Despite the improving conditions in the labour market, there is little evidence that the prolonged squeeze on wages is easing. The ONS said total pay rose at an annual rate of 0.9% in October, or 0.8% including bonuses. That compares with an inflation rate of 2.2% in the same month, suggesting that on average, living standards are continuing to fall. Frances O’Grady, general secretary of the TUC, said: “These are undoubtedly positive figures, but we should not forget how far we still have to go to restore pre-crash living standrards through better pay and jobs”.

Rachel Reeves, Labour’s shadow work and pensions secretary, said: “Today’s fall in unemployment is welcome, but families are facing a cost-of-living crisis and on average working people are now £1,600 a year worse off under this out-of-touch government.”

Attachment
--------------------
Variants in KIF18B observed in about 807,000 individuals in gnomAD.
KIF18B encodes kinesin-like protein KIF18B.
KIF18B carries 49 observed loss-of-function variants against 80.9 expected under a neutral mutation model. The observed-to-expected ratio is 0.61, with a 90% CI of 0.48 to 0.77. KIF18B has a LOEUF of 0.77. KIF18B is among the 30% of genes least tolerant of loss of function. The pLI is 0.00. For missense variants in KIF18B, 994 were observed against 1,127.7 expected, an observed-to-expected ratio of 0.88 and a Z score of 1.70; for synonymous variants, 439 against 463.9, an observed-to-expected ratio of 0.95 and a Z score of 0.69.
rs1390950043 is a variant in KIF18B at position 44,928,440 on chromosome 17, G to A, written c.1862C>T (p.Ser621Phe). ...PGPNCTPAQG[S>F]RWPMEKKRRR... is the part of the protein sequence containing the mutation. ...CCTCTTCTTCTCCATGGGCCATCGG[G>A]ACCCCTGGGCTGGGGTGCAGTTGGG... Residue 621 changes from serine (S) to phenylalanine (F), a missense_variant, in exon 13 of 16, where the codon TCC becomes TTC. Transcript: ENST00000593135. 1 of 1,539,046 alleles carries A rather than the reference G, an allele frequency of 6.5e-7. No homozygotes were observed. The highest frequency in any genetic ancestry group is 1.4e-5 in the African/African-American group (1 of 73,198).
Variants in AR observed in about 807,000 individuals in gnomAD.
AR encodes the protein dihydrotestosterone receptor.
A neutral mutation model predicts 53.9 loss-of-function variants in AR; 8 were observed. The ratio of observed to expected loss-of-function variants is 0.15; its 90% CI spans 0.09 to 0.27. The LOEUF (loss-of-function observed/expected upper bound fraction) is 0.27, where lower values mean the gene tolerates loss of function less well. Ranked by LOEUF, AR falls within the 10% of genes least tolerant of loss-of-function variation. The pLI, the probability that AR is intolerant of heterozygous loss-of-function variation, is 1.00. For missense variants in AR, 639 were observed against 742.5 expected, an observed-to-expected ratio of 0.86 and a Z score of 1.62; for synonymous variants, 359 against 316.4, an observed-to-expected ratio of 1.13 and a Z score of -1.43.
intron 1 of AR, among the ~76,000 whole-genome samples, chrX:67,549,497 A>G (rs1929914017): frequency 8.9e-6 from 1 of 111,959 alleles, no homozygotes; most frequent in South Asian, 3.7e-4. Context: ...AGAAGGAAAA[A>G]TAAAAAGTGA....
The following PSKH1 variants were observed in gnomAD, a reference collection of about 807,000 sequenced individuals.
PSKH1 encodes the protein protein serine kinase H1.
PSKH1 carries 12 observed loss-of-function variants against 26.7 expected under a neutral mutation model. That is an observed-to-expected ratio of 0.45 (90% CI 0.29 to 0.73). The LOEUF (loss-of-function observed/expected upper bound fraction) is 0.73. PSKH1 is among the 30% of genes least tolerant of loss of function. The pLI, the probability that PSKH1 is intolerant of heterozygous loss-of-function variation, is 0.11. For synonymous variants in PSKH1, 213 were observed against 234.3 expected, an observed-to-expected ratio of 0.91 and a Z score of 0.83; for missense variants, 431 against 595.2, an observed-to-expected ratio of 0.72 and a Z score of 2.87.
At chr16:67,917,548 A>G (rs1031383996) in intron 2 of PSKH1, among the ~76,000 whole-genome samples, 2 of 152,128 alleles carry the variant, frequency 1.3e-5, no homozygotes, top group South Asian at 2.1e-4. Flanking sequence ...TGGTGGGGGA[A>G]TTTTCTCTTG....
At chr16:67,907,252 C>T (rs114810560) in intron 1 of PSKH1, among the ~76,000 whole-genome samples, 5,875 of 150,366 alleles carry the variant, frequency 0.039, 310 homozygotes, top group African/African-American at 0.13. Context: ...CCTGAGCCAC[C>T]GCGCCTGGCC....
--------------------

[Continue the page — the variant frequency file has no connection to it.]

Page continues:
Interest rates may rise next year, says Bank of England chief economist | Business | The Guardian

Interest rates may rise next year, says Bank of England chief economist | Business | The Guardian. (source)

Aim to keep borrowing costs low could be thwarted by stronger than expected growth and unusually weak productivity

Bank of England has warned it may be necessary to raise interest rates by 2014

A top Bank of England official has warned it may be necessary to raise interest rates as early as 2014 Photograph: Yui Mok/PA

The Bank of England warned that interest rates might rise as early as next year as its chief economist said Threadneedle Street’s desire to keep borrowing costs low for several years could be thwarted by a combination of stronger than expected growth and unusually weak productivity.

Spencer Dale, one of the nine members of the rate-setting monetary policy committee, said the UK was currently growing at an annual rate of 3-4% and the Bank could not be certain when it might need to tighten policy.